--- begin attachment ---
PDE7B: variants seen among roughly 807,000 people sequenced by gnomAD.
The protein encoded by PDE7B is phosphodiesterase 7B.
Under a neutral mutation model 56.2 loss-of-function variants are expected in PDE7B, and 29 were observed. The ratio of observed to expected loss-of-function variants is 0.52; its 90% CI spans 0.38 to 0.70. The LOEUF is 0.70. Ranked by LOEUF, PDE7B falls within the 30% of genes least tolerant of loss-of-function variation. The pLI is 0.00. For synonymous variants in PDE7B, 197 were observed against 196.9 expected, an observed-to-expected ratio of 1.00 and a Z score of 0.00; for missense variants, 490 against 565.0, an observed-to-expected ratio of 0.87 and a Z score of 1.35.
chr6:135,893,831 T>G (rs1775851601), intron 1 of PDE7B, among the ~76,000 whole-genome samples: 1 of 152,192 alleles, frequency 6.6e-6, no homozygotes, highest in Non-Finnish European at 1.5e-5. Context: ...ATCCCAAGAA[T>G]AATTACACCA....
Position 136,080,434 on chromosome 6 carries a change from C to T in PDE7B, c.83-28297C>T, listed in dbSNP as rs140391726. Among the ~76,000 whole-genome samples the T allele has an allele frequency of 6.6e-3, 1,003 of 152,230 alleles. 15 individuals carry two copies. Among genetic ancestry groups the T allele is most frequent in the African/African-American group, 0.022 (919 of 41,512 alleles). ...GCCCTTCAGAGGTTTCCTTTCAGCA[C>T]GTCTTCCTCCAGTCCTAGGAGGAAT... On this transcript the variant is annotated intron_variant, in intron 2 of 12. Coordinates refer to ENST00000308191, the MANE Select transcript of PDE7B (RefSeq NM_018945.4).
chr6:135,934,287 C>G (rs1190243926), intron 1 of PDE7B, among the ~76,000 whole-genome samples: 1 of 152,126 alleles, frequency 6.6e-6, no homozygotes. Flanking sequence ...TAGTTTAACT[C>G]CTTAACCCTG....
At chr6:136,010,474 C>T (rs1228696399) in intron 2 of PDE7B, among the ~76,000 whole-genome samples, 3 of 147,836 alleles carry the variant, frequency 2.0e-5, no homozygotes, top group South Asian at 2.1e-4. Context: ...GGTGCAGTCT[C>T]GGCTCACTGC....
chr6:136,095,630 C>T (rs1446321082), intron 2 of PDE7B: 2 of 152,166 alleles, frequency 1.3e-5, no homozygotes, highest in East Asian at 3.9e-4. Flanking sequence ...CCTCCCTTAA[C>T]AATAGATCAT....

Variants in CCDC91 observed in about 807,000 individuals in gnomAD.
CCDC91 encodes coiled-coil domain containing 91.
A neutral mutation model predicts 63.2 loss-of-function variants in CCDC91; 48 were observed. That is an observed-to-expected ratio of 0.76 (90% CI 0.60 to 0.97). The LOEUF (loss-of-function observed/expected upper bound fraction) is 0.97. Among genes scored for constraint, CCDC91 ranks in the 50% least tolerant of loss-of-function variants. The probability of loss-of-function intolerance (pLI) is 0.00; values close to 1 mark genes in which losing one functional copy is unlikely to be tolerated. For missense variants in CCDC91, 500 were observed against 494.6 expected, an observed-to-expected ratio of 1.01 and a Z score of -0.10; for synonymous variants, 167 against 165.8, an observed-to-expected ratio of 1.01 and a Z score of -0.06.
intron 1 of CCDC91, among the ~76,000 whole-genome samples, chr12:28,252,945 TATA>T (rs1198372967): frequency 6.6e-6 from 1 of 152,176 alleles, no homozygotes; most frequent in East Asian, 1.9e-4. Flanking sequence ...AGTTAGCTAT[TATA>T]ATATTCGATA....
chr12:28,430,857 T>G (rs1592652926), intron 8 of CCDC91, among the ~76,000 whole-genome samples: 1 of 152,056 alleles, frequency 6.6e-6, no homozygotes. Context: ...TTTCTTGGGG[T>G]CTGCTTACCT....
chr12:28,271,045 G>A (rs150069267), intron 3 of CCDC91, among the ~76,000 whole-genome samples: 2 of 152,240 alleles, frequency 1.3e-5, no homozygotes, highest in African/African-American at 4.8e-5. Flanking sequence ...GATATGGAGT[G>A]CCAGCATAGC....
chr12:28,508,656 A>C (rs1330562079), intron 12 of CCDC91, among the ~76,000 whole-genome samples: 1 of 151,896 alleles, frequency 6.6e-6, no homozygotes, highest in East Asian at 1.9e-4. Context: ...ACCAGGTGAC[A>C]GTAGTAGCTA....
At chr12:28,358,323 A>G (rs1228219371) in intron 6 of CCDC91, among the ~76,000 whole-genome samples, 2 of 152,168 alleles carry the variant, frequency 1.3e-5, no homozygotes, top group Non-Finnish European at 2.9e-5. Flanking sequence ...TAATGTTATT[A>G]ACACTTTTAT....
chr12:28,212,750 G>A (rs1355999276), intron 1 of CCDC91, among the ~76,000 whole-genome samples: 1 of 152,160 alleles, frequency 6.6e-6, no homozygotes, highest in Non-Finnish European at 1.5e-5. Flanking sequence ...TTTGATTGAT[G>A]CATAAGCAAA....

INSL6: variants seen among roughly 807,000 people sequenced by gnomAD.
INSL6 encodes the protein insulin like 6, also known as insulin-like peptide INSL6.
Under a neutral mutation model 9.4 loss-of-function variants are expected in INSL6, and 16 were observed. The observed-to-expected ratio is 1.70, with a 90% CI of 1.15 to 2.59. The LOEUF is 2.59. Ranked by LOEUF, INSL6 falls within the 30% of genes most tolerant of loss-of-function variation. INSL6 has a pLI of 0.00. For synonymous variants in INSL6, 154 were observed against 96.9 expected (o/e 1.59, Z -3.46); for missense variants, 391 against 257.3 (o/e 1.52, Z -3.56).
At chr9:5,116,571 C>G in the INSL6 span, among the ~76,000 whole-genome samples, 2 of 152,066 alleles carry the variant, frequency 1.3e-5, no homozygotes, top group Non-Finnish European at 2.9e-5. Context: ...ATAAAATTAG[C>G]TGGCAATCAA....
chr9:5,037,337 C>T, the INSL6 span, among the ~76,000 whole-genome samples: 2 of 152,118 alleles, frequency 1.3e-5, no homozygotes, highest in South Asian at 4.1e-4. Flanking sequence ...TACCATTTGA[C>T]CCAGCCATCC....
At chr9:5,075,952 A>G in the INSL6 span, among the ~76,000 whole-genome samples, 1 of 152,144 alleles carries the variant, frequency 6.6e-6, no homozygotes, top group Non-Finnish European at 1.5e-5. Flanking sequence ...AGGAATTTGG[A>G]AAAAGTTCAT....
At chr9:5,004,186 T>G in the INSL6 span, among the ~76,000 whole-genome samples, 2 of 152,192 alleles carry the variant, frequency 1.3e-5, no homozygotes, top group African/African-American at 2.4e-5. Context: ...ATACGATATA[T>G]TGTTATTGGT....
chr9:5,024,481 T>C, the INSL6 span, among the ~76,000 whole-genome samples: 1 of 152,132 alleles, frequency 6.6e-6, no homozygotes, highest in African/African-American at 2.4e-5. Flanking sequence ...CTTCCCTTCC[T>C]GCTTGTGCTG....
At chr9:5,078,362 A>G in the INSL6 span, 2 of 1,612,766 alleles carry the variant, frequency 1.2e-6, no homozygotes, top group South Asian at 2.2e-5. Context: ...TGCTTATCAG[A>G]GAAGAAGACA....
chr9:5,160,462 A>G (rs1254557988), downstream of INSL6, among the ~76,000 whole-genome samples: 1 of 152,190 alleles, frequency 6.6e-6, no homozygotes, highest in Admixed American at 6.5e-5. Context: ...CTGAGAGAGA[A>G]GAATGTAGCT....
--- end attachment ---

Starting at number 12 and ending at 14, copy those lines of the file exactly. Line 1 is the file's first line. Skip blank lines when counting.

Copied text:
intron 1 of CCDC91, among the ~76,000 whole-genome samples, chr12:28,252,945 TATA>T (rs1198372967): frequency 6.6e-6 from 1 of 152,176 alleles, no homozygotes; most frequent in East Asian, 1.9e-4. Flanking sequence ...AGTTAGCTAT[TATA>T]ATATTCGATA....
chr12:28,430,857 T>G (rs1592652926), intron 8 of CCDC91, among the ~76,000 whole-genome samples: 1 of 152,056 alleles, frequency 6.6e-6, no homozygotes. Context: ...TTTCTTGGGG[T>G]CTGCTTACCT....
chr12:28,271,045 G>A (rs150069267), intron 3 of CCDC91, among the ~76,000 whole-genome samples: 2 of 152,240 alleles, frequency 1.3e-5, no homozygotes, highest in African/African-American at 4.8e-5. Flanking sequence ...GATATGGAGT[G>A]CCAGCATAGC....